I have long held the belief that business content (conference talks, books, podcasts, blog posts) fall on a spectrum between inspirational and actionable. The very best content is both–it not only makes you want to conquer the world but tells you exactly how to do it. Often, content falls at one of the extremes. Purely inspirational content can often be called fluff while purely actionable content can be an instruction manual. Sometimes you need just one of those but, with my limited time, I usually prefer content to be both.
Some select content that achieves both for me:
- Principles by Ray Dalio
- Startups for the Rest of Us
- Harvard Business Review
Your Next Five Moves by Patrick Bet-David is really good, and I have already recommended it to a few people, but doesn’t quite make that list. It falls a bit more on the inspirational side of the spectrum but it does a good job pointing you to source material which may be more actionable.
The author holds Principles in as high regard as I do and references it multiple times. In fact, if I were to sum up Your Next Five Moves in a sentence it would be:
Principles for people early in their career.
That isn’t to say it is just for people in their 20s. I believe that the majority of us–those that aren’t CEO masters of the universe–will find valuable takeaways in the book.
The Five Moves
Like a lot of business books (The ONE Thing comes to mind), the title, *Your Next Fives Moves* means multiple things. Bet-David uses it as both a formula for personal development as well as applying strategic thinking to your goals and challenges you face.
The fives moves are:
1. Master knowing yourself
2. Master the ability to reason
3. Master building the right team
4. Master strategy to scale
5. Master power plays
The strongest part of the book is about knowing yourself. This question is asked to the reader (and asked many times in order to reiterated its importance):
Who do you want to be?
Knowing the answer to that illuminates the path for you to take in life. It is a frame through which every decision in your life should be viewed. It provides clarity and purpose.
I absolutely love how simple and powerful that question is. Fulfillment is less abstract when you have a vision of who you are to work towards. Self-awareness unlocks your potential.
When you’re fighting for a cause, a dream, something greater than yourself, you will find the enthusiasm, passion, and joy that makes life a great adventure.
Bet-David points out that having identified your purpose, you will be able to productively channel the struggles and failures you have along the way. Those become learning opportunities and the fuel for the hard work that you will need to put in in order to achieve your goals.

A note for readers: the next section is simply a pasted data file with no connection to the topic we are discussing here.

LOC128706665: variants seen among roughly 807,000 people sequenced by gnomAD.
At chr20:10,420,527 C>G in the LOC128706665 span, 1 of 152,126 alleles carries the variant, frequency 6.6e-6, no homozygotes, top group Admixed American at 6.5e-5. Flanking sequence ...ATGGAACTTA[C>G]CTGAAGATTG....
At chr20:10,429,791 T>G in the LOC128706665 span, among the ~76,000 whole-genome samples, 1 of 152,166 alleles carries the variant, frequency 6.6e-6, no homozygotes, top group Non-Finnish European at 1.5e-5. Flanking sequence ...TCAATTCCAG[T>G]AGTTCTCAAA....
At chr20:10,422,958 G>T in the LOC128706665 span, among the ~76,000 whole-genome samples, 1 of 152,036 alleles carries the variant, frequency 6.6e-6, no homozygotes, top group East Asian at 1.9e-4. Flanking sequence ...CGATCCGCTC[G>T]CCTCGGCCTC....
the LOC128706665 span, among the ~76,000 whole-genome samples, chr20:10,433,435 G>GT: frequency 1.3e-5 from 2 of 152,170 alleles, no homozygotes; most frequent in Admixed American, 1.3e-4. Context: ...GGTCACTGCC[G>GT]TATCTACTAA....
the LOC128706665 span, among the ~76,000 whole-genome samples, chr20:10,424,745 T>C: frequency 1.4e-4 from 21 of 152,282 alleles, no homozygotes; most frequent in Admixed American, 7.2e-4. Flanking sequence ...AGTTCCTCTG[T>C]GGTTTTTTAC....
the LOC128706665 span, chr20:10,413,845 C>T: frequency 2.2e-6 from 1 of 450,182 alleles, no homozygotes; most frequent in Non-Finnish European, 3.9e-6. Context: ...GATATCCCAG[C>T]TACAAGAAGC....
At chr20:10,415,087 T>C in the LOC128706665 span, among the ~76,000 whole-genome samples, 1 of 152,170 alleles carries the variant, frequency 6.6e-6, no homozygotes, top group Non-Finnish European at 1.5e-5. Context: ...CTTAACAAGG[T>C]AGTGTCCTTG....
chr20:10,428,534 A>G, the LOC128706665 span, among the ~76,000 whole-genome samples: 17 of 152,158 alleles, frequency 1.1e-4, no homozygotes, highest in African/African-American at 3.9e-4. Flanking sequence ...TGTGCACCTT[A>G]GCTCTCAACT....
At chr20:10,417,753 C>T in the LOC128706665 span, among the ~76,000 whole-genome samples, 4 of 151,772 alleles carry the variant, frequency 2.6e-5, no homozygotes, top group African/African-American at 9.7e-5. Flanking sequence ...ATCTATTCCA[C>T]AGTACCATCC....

Reason and Strategy
Bet-David doesn’t break new ground in the sections about reason and strategy but he does do a good job providing some frameworks for processing issues and creating short and long-term strategies.
Process is a superpower for a business and a businessperson. Building repeatable processes allows a business to automate and move quicker. Resources are finite and more can spent on growth when systems (software, data pipelines, checklists, partnerships, etc.) are reducing the personnel and mental resources needed for operations.
For a businessperson, having a decision making process allows one one to put aside emotion and achieve the best resolution that the information and circumstances allow. Owning responsibility for a situation allows you to bypass the blame game and more quickly move through the process towards an acceptable outcome.
When you start viewing a crisis as an opportunity, you are winning the game.
The power plays are the culmination of the other moves. They are the opportunities that you worked for–the opportunity to level up. To be in a position for a power play you need to be able know yourself and who you want to be, to process information to make optimal decisions, to build a great team, and how to do long-term planning.
The power plays come in the form of networking, negotiating, and selling. Advice is given on each of those with emphasis on knowing what drives other people: advancement, individuality, madness, or purpose. Having conviction–total belief in yourself and your work–makes those easier.
And that really is the key. Once you know, and truly acknowledge, yourself, your actions and interactions serve your purpose. This is a lesson for everyone–no matter their age–and is a lesson this book delivers well.